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      Tapentadol in the management of cancer pain: current evidence and future perspectives

      1 , 2

      Journal of Pain Research

      Dove Medical Press

      cancer pain, tapentadol, neuropathic pain

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          Abstract

          Thanks to the progress in early diagnosis and treatment of cancer, the life expectancy of cancer patients has now increased. Patients are, therefore, more likely to experience their individual cancer pain as a chronic pain. As a consequence, long-term treatment of cancer-related pain and oncological therapy-related pain are a major need for all patients and a challenge to all healthcare professionals. Tapentadol is a centrally acting analgesic drug characterized by two synergistic mechanisms of action, since it acts at the µ-opioid receptor (MOR) and inhibits noradrenalin re-uptake (NRI). Therefore, tapentadol has been considered the first of a new class of drugs, MOR-NRI. Tapentadol has been tested in different populations of cancer patients (opioid-naive and -pretreated), such as those with pain of mixed etiology, patients with pain from hematological malignancies and patients experiencing pain conditions due to anticancer treatment. According to available evidence, tapentadol prolonged release was well tolerated and effective in cancer pain patients. In randomized, double-blind and active-controlled trials it proved non-inferior to standard opioids like morphine or oxycodone in the management of moderate-to-severe cancer pain, both in opioid-naive and in opioid-pretreated patients. The good analgesic efficacy may be partly due to the action of tapentadol on neuropathic pain components. Together with the low rate of gastrointestinal adverse effects and the overall favorable safety profile, tapentadol can be considered a good option in cancer pain patients, who can suffer frequently from nausea, vomiting, constipation or other events that further reduce their quality of life.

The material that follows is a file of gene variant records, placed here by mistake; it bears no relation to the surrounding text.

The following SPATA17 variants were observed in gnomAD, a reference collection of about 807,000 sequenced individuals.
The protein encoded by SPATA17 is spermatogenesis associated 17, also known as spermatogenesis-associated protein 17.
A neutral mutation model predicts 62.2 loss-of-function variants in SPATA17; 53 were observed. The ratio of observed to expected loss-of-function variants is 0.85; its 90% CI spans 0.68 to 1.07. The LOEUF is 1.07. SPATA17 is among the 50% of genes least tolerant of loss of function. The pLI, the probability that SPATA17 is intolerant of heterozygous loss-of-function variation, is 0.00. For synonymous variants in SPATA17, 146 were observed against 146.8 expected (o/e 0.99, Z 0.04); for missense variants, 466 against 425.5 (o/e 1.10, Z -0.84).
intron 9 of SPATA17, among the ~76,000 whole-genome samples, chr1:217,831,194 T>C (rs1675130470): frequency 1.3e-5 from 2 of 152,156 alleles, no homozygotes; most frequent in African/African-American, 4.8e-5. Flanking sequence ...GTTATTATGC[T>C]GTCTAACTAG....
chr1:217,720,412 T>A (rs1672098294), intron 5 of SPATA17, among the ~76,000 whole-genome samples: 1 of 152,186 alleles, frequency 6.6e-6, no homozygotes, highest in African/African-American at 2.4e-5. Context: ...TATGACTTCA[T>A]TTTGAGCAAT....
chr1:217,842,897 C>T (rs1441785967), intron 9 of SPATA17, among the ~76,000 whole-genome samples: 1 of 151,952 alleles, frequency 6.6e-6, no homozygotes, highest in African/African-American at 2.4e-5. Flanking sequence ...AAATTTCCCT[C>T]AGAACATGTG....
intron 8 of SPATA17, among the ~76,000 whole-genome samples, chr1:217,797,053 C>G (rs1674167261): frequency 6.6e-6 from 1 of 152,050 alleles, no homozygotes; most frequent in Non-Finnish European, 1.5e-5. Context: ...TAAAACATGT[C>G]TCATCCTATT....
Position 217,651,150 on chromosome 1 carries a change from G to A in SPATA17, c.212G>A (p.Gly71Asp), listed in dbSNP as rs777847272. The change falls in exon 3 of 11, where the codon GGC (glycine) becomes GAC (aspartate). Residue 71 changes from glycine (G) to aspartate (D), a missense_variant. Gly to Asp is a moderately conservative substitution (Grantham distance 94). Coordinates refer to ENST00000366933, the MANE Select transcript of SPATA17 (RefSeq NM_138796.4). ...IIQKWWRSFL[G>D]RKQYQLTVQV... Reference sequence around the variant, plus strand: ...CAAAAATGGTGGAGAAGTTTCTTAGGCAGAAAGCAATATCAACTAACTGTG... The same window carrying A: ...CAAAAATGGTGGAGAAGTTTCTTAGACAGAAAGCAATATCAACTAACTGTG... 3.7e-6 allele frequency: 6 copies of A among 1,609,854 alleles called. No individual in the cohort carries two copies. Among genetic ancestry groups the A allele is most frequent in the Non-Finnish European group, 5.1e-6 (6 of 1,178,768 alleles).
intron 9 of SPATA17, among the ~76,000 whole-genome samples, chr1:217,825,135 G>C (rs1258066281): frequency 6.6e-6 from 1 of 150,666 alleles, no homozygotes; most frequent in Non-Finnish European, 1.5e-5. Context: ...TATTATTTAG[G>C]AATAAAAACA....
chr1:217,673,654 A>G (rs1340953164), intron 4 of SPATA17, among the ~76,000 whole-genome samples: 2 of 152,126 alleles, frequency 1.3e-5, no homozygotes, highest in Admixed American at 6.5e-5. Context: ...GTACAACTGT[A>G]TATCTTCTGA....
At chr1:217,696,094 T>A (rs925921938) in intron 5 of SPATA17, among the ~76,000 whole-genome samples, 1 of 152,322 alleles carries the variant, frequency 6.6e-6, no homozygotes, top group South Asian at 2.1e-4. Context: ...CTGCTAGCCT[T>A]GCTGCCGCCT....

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          Most cited references 29

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          Use of opioid analgesics in the treatment of cancer pain: evidence-based recommendations from the EAPC.

          Here we provide the updated version of the guidelines of the European Association for Palliative Care (EAPC) on the use of opioids for the treatment of cancer pain. The update was undertaken by the European Palliative Care Research Collaborative. Previous EAPC guidelines were reviewed and compared with other currently available guidelines, and consensus recommendations were created by formal international expert panel. The content of the guidelines was defined according to several topics, each of which was assigned to collaborators who developed systematic literature reviews with a common methodology. The recommendations were developed by a writing committee that combined the evidence derived from the systematic reviews with the panellists' evaluations in a co-authored process, and were endorsed by the EAPC Board of Directors. The guidelines are presented as a list of 16 evidence-based recommendations developed according to the Grading of Recommendations Assessment, Development and Evaluation system. Copyright © 2012 Elsevier Ltd. All rights reserved.
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            Management of cancer pain: ESMO Clinical Practice Guidelines.

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              Animal models of bone cancer pain: systematic review and meta-analyses.